I have a server that I use for making backups. I also send backups from that server into Amazon S3 at the “Infrequent Access” storage class. That class is cheaper to store but expensive to access. It’s intended for backups of last resort that you only access in an emergency. I use Duplicity to handle the S3 part.
(I could save a bit more by using one of the “Glacier” classes but at the moment the cost is minimal and I’m not that brave.)
I recently decided to change which server I use for the backups. I noticed that renting a server with only IPv6 connectivity was cheaper, and as all the hosts I back up have IPv6 connectivity I decided to give that a go.
This mostly worked fine. The only thing I really noticed was when I tried to install some software from GitHub. GitHub doesn’t support IPv6, so I had to piggy back that download through another host.
Then I came to set up Duplicity again and found that I needed to make some non-obvious changes to make it work with S3 over IPv6-only.
S3 endpoint ^
The main issue is that the default S3 endpoint URL is
https://s3.<region>.amazonaws.com, and this host only has an
A (IPv4) record! For example:
$ host s3.us-east-1.amazonaws.com s3.us-east-1.amazonaws.com has address 18.104.22.168
If you run Duplicity with a target like
s3://yourbucketname/path/to/backup then it will try that endpoint, get only an IPv4 address, and return Network unreachable.
S3 does actually support IPv6, but for that to work you need to use a dual stack endpoint! They look like this:
$ host s3.dualstack.us-east-1.amazonaws.com s3.dualstack.us-east-1.amazonaws.com has address 22.214.171.124 s3.dualstack.us-east-1.amazonaws.com has IPv6 address 2600:1fa0:80dc:5101:34d9:451e::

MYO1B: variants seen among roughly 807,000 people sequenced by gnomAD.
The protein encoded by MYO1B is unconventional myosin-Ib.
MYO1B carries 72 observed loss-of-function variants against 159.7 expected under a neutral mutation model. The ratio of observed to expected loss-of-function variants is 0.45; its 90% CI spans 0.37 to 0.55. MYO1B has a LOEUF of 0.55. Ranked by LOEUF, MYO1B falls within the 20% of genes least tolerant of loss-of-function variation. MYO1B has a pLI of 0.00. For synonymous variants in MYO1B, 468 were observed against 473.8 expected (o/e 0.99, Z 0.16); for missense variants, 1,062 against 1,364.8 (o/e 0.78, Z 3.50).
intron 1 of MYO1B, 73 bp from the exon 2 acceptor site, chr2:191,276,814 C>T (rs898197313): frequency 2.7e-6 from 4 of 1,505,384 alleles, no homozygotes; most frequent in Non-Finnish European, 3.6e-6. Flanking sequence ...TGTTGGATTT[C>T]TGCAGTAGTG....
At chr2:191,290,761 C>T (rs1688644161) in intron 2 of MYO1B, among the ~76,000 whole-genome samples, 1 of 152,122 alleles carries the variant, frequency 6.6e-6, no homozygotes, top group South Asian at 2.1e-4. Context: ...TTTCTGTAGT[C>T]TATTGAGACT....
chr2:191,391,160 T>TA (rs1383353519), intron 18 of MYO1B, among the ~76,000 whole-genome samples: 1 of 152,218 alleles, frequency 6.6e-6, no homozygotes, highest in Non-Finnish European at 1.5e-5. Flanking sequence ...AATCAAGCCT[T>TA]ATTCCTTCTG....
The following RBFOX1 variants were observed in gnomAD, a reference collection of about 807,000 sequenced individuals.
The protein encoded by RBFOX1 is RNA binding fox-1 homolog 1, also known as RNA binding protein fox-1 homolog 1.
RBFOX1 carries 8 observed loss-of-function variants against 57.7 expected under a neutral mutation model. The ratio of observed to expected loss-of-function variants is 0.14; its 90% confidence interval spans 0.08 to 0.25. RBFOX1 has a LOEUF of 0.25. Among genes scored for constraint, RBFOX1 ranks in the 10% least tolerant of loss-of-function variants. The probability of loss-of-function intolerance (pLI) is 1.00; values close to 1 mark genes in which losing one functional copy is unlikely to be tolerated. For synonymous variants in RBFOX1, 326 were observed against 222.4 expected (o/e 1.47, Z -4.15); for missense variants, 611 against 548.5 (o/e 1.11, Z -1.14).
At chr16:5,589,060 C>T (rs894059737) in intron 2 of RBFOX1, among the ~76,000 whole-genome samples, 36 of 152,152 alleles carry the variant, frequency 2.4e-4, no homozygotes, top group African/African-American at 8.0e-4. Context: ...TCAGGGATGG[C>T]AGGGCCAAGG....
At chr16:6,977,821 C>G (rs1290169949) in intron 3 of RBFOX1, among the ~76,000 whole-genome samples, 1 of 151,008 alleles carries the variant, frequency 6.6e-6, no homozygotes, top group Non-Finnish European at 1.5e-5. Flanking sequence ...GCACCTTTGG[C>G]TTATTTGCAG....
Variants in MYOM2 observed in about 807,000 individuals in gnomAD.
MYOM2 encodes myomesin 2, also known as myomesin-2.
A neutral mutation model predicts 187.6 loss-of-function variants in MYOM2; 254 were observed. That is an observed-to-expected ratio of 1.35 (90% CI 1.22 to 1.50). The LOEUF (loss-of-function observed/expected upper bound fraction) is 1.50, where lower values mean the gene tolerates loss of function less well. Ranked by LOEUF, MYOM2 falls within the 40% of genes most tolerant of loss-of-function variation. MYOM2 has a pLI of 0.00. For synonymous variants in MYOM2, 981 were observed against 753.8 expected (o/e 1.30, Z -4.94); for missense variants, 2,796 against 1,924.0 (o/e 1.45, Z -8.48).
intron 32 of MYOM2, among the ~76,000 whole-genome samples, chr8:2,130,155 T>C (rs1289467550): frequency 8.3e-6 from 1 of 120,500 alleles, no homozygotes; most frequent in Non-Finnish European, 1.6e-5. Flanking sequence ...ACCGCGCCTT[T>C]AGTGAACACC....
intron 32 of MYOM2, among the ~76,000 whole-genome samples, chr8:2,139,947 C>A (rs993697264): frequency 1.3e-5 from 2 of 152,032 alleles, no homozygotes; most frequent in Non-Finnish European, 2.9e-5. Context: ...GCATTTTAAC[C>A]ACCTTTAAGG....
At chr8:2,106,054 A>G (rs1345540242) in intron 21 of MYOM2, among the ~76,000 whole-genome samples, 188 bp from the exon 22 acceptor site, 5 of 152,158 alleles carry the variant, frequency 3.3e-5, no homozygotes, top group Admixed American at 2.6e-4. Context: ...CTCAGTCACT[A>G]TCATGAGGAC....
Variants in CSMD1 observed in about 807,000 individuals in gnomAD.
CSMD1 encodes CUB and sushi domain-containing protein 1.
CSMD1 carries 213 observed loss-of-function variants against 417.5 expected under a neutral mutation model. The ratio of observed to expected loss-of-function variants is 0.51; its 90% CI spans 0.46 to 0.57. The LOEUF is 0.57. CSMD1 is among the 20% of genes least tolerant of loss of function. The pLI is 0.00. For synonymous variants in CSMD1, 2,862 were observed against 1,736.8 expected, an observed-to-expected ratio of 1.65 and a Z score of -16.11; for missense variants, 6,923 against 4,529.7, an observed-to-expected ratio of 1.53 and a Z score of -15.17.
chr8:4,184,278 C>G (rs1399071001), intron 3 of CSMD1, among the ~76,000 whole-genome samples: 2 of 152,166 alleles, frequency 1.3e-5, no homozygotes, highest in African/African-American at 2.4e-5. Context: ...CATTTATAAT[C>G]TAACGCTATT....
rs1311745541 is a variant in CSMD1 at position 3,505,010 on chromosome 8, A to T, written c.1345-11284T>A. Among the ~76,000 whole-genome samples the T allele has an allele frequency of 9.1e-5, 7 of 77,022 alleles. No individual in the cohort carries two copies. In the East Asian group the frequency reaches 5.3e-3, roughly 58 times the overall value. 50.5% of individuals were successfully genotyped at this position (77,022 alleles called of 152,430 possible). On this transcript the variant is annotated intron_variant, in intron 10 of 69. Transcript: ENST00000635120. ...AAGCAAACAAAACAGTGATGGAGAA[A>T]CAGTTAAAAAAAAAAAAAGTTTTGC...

So we need to specify the S3 endpoint to use.
Specifying the S3 endpoint ^
In order to do this you need to switch Duplicity to the “boto3” backend. Assuming you’ve installed the correct package (
python3-boto3 on Debian), this is as simple as changing the target from
That then allows you to use the command line arguments
--s3-endpoint-url so you can tell it which host to talk to. That ends up giving you both an IPv4 and an IPv6 address and your system correctly chooses the IPv6 one.
The full script ^
The new, working script now looks something like this:
export PASSPHRASE="highlysecret" export AWS_ACCESS_KEY_ID="notquiteassecret" export AWS_SECRET_ACCESS_KEY="extremelysecret" # Somewhere with plenty of free space. export TMPDIR=/var/tmp duplicity --encrypt-key ABCDEF0123456789 \ --asynchronous-upload \ -v 4 \ --archive-dir=/path/to/your/duplicity/archives \ --s3-use-ia \ --s3-use-multiprocessing \ --s3-use-new-style \ --s3-region-name "us-east-1" \ --s3-endpoint-url "https://s3.dualstack.us-east-1.amazonaws.com" \ incr \ --full-if-older-than 30D \ /stuff/you/want/backed/up \ "boto3+s3://yourbucketname/path/to/backups"
The previous version of the script looked a bit like:
# All the exports stayed the same duplicity --encrypt-key ABCDEF0123456789 \ --asynchronous-upload \ -v 4 \ --archive-dir=/path/to/your/duplicity/archives \ --s3-use-ia \ --s3-use-multiprocessing \ incr \ --full-if-older-than 30D \ /stuff/you/want/backed/up \ "s3+http://yourbucketname/path/to/backups"